PLAYA VISTA, Calif. -- Former University of Georgia forward Trey Thompkins was picked 37th overall by the Los Angeles Clippers in last week's 2011 NBA draft, prompting immediate celebration at the Atlanta sports bar where he was watching and the expected flood of calls and text messages to his phone from around the globe.
But shortly after his selection, it was Thompkins who made a call to his college teammate, dunking-dynamo Travis Leslie, with a congratulatory message of his own.
Through the grapevine -- otherwise known as his agent, the always-connected Arn Tellem -- Thompkins heard the Clippers had rated Leslie high up their board and probably were going to select him with their next pick, 47th overall. And so he let him know.
"He called at the 45th pick and he was like, 'I think you might come with me,'" Leslie recounted Monday as the Clippers introduced the two rookies at their practice facility. "And then it happened, and we were on the phone and we were just excited."
The two are more than just college teammates -- Thompkins calls Leslie his best friend. Both hail from the suburbs of Atlanta, and both have long known Clippers 2010 first-rounder Al-Farouq Aminu.
Those connections were indeed part of the reason the Clippers selected the teammates with both of their second-round selections in Thursday's draft. But the main reason was simple: They were, at both picks, the highest-rated players still available.
"We're really happy," Clippers general manager Neil Olshey said Monday, repeating his sentiments from draft night. "Anytime you can walk into a draft room and get two players that you have rated well ahead of where you got them drafted, the value and the ability they have to impact your roster -- it's exciting for us."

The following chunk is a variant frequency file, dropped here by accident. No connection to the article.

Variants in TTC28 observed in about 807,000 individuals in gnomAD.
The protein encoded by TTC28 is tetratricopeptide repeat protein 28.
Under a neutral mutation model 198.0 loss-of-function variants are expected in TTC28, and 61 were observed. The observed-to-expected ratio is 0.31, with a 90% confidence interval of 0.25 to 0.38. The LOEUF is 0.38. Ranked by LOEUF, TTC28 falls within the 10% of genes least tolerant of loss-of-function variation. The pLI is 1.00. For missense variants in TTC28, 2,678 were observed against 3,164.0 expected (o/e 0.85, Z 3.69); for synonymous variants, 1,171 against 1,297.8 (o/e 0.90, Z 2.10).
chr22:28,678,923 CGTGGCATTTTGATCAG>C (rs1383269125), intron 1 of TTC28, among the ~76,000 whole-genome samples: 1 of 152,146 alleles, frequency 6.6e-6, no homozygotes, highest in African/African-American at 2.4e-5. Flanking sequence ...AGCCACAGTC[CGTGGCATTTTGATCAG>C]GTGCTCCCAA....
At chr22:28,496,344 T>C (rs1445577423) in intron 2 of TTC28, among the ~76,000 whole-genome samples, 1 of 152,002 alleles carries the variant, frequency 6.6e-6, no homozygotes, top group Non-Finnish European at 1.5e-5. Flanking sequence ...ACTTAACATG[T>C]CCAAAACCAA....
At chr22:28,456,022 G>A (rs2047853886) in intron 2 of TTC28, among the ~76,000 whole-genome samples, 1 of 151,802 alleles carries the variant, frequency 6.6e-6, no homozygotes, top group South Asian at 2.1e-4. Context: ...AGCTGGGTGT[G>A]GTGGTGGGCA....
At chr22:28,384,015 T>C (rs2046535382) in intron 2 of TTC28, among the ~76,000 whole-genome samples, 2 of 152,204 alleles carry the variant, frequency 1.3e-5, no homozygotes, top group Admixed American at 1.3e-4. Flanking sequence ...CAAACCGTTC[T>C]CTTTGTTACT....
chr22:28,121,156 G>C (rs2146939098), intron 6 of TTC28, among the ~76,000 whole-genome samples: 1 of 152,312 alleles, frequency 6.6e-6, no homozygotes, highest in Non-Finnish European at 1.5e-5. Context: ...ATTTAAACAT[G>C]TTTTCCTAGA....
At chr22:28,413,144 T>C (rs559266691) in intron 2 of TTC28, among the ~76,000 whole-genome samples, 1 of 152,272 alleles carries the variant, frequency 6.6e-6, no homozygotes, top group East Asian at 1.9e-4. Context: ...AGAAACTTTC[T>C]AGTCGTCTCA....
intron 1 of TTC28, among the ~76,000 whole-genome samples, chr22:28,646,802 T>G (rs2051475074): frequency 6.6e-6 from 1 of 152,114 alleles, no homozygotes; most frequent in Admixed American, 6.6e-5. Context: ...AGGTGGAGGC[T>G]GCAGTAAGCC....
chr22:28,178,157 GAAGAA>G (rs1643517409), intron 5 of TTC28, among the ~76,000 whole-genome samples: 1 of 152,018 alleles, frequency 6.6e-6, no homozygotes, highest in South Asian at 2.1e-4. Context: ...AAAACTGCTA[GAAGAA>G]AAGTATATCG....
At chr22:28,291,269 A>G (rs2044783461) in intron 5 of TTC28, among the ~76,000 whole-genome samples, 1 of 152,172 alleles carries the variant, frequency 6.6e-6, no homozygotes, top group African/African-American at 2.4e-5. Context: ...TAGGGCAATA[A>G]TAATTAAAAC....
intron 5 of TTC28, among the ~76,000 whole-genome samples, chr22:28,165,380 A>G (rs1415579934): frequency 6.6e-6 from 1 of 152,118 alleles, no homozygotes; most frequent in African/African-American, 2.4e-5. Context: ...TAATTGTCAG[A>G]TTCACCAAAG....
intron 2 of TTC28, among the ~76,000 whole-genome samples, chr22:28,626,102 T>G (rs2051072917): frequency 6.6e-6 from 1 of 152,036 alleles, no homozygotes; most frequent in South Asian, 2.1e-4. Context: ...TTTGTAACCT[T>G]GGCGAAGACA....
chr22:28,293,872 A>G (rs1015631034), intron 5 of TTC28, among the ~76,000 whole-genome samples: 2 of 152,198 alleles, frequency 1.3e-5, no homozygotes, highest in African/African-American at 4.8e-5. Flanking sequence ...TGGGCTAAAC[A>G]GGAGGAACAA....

Thompkins and Leslie arrived in Los Angeles late Sunday and stepped into the Clippers' facility for the first time Monday morning, where they will spend a lot of their time until they're forced to vacate the premises Friday because of looming NBA lockout restrictions.
It's Leslie's first trip to L.A., while Thompkins trained for the draft in Santa Monica and visited the city for AAU tournaments earlier in his basketball career.
"We're just getting our hands around them right now, and just letting the coaches and assistant coaches work them out," Clippers coach Vinny Del Negro said. "They'll be here all week, so we'll get to know each other and have some lunches and some dinners and get them to feel as comfortable as possible with the process."
They had two workouts scheduled Monday, one in the morning and one in the evening, with doctor visits and media meetings slated to take up the in-between hours. Del Negro hesitated to call it a five-day cram session in anticipation of the lockout taking effect later this week, but he conceded the two rookies are being fed more information than they normally would.
"It was a process that I expected," Thompkins said. "I came in with an open mind, and I'm willing to learn. Everything that they've given me, I've taken in and I've appreciated."
Thompkins, 21, was deemed a potential first-rounder by a number of prognosticators leading up to the draft. It's believed he fell to the early second round primarily based on concerns related to his physical conditioning, as his body-fat percentage was the highest of any prospect at last month's NBA combine in Chicago.
But his offensive skills, with range out to the college 3-point line, are proven. The Clippers are marketing him as a perfect outside complement to star Blake Griffin's inside game at the power forward position.
Leslie, 21, played the small forward position in college but will have to transition to shooting guard in the pros because of his 6-foot-4 frame. He was considered one of the best athletes available in the 2011 draft class and is known as a superb dunker with desirable defensive skills as well.
"They both have pro ability -- Trey has great skill sets, Travis has incredible athleticism," Del Negro said. "So you're always trying to find their pro skill.
"Obviously they have a lot more versatility than what we're talking about, but those are the initial things that jump off the page off of you."